Stylist

Stylist

I am a professional stylist, and I work in an independently-owned salon. I make about $13 per hour, which is about average for beginners. I am also allowed to keep my tips, which are about $25 per day. Although I have only worked in this field for slightly more than a year, I feel that I have learned much more than I did in school. Every day is an adventure, and I learn at least one new thing each day. While I find this job rewarding, there are some days I would classify as extremely challenging. I work with a wide variety of people. There have been days where I have given a baby his or her first haircut, styled a bride's hair for her wedding and spent over an hour untangling a person's hair. I think everyone assumes being a hairdresser is fun and easy, but this is not always true. Since I am on my feet most of the day, I would certainly say the job is not easy physically. I have to spend a significant amount of money on special orthopedic shoes, and my back definitely suffered until I learned how to keep it straight. Although some people never experience skin problems from the chemicals, I have. I do wear gloves, but my hands still itch.

On a level of one to 10, my job satisfaction is about eight. If all the people I dealt with were more like my favorite regular customers, my satisfaction number would be 10. There are some people who are impossible to please, and I have even had one person leave after threatening me with a lawsuit for trimming her hair too short. While such people can be frustrating to work with, I just smile and move on. Most of my customers leave happy, and that is what keeps me coming back to work with enthusiasm each day. Some days are very stressful, but I take two one-week vacations each year for refreshment. I would not switch fields for anything. Since I was a little girl, I knew this was what I wanted to do. I used to cut and style my dolls' hair, which made my mother mad. She gets free haircuts now, so everyone is happy. As soon as I graduated high school, I went to beauty school.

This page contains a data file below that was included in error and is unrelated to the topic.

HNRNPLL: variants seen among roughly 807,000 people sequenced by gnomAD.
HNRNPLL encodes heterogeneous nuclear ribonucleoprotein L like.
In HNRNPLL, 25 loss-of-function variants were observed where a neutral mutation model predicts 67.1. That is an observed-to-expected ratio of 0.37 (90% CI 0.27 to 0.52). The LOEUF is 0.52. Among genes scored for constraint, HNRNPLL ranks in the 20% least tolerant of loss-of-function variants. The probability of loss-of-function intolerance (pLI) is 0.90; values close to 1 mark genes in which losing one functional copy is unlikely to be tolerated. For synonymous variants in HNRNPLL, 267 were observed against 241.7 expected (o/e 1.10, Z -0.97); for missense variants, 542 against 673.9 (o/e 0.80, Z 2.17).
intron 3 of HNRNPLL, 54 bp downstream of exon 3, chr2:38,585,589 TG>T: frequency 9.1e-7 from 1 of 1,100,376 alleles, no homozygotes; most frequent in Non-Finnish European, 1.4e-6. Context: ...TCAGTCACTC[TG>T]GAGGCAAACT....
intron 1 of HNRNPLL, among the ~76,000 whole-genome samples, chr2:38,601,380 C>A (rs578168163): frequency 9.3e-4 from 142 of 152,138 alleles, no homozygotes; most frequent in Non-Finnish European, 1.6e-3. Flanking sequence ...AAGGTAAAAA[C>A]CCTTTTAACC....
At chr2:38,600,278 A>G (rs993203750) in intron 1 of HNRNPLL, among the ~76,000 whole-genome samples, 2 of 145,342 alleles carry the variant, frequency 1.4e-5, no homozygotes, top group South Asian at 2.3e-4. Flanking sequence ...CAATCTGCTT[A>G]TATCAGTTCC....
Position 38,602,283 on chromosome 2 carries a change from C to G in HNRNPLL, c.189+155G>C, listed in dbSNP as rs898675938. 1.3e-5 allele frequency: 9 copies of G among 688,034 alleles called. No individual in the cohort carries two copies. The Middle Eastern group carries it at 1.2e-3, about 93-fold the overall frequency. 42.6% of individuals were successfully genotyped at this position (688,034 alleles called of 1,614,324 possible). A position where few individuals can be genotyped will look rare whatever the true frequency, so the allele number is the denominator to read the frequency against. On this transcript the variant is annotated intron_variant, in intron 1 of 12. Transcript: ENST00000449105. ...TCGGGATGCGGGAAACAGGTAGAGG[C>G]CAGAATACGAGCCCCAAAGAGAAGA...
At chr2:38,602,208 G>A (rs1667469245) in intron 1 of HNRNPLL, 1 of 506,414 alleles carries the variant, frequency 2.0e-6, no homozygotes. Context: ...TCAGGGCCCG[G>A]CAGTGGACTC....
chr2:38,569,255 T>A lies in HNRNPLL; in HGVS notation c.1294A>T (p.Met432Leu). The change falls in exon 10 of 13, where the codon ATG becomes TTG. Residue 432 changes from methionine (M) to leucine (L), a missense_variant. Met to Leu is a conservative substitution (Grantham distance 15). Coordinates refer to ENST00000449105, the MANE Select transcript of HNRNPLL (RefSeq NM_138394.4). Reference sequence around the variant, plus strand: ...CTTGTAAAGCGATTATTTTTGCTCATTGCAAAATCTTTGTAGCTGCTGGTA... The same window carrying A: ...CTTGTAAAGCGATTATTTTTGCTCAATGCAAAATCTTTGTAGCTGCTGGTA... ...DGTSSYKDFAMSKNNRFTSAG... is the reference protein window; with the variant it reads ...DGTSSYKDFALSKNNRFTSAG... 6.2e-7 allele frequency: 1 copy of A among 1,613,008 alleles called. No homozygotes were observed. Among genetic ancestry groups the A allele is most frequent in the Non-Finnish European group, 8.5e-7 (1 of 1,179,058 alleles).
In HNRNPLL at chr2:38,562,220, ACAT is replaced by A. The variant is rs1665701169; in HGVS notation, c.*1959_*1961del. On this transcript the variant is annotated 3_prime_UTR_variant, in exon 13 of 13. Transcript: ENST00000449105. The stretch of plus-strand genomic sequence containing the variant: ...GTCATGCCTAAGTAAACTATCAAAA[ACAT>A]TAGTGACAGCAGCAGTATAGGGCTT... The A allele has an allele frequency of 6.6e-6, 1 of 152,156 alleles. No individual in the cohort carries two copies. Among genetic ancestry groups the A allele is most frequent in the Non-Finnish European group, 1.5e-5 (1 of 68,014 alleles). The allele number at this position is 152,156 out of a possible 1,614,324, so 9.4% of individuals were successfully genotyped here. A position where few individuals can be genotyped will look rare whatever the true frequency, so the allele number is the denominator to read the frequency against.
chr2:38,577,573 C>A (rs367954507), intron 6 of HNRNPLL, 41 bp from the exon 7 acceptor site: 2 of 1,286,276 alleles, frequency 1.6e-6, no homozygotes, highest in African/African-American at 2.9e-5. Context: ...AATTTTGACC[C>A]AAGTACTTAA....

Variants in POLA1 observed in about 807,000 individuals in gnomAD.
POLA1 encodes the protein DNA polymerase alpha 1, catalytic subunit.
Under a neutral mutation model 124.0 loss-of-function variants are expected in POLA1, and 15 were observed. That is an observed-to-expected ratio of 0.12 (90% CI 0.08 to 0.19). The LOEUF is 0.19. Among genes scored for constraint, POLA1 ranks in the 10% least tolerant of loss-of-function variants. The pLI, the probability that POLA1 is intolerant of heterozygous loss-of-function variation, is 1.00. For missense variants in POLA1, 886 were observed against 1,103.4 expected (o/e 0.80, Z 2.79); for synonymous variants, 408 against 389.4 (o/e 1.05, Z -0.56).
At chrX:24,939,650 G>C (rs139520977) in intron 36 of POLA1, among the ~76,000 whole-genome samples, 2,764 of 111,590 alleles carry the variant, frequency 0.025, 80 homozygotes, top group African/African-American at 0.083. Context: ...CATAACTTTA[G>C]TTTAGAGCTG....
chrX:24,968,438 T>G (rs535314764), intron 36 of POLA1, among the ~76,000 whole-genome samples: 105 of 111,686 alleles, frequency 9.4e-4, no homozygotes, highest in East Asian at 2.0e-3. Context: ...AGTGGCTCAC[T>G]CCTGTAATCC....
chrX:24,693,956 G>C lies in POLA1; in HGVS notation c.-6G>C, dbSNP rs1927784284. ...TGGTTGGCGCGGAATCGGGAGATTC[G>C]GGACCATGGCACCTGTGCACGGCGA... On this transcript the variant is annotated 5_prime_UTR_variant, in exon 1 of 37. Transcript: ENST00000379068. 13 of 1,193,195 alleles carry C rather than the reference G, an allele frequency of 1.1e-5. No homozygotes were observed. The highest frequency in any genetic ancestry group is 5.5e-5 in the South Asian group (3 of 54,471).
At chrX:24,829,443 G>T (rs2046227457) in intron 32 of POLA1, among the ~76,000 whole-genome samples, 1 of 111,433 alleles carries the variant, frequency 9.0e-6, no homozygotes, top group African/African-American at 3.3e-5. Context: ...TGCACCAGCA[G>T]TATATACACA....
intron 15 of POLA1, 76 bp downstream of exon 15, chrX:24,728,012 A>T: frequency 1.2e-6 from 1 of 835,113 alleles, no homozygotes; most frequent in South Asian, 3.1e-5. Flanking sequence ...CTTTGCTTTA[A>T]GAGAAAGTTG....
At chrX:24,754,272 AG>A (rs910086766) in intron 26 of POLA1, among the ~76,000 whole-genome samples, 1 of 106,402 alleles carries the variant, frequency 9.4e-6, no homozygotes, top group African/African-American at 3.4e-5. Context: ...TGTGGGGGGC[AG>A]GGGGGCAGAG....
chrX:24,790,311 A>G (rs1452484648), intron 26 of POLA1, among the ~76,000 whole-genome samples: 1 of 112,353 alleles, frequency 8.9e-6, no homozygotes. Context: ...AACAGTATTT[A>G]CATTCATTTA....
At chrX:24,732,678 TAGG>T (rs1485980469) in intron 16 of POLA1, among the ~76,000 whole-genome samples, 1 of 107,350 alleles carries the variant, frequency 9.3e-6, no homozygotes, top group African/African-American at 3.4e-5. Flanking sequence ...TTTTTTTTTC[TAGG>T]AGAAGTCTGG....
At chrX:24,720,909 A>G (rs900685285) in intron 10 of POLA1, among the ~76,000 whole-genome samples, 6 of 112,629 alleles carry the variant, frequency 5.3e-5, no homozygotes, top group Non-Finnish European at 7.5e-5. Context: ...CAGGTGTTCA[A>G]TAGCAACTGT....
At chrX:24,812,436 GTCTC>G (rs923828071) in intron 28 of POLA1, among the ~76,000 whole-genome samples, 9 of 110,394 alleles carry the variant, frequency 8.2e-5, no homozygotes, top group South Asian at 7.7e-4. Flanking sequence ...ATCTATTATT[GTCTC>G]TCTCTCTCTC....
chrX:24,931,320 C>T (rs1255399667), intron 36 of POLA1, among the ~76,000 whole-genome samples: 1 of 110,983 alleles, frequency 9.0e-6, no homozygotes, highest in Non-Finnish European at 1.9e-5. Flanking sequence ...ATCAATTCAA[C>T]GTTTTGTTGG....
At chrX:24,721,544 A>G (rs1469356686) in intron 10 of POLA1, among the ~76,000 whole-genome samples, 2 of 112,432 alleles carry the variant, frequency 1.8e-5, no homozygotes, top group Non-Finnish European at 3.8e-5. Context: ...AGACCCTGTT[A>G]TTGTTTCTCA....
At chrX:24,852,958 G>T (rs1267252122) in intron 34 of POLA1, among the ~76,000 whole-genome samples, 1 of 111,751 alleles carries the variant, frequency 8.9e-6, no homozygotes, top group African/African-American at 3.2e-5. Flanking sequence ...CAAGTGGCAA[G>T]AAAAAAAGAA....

I have definitely learned plenty of lessons that beauty school never prepared me for. One incident I will never forget involved me calling an ambulance for a customer. I was helping a woman who had a serious respiratory issue. She was a regular there, and she normally saw another beautician. I guess she assumed I knew her situation and that she could not inhale hairspray. Since nobody told me not to use hairspray after curling and drying her hair, I used it. She wound up having breathing problems, and we had to call an ambulance. I learned to always ask people if they have any chemical sensitivities. The most important thing I have learned in this job is that I have to listen to people. I have found that just listening to people is the best way to keep them coming back. Sometimes I feel like a psychologist, but I am glad they trust me enough to share the details of their lives with me. I keep a little book at work with information about each customer, which helps me strike up conversations with them when they return.

My job is certainly never dull. I remember an incident where a man came in and asked me to dye his dog's fur for Halloween. I had to decline his request, and I gently explained that the chemicals were bad for the dog's skin. Another lady came in with dried paint in her hair. I had to call on a seasoned stylist in the shop, but we managed to get the paint out and make her look lovely again. Not everything that happens is weird. I once cut a little girl's hair a few times. Since she never returned after the third time, I thought her parents were not pleased with my work. When they called me to tell me their daughter had died, they asked if I would come into the funeral home to style her hair. That really made me feel sad but honored that they were happy with my work.

Being a beautician definitely requires patience and a good sense of humor. I think if a friend asked me about it, I would say those are the two most important assets. Since most companies require regular beauty school training, that is also important. It took me two years to get through school, and I thought it was worth every penny I spent on tuition. Hopefully, I will be opening my own salon soon.

This is a true story as told to LatPro.com where you can find helpful career interviews and job search advice in your desired industry. Visit to find a career interview in your field today.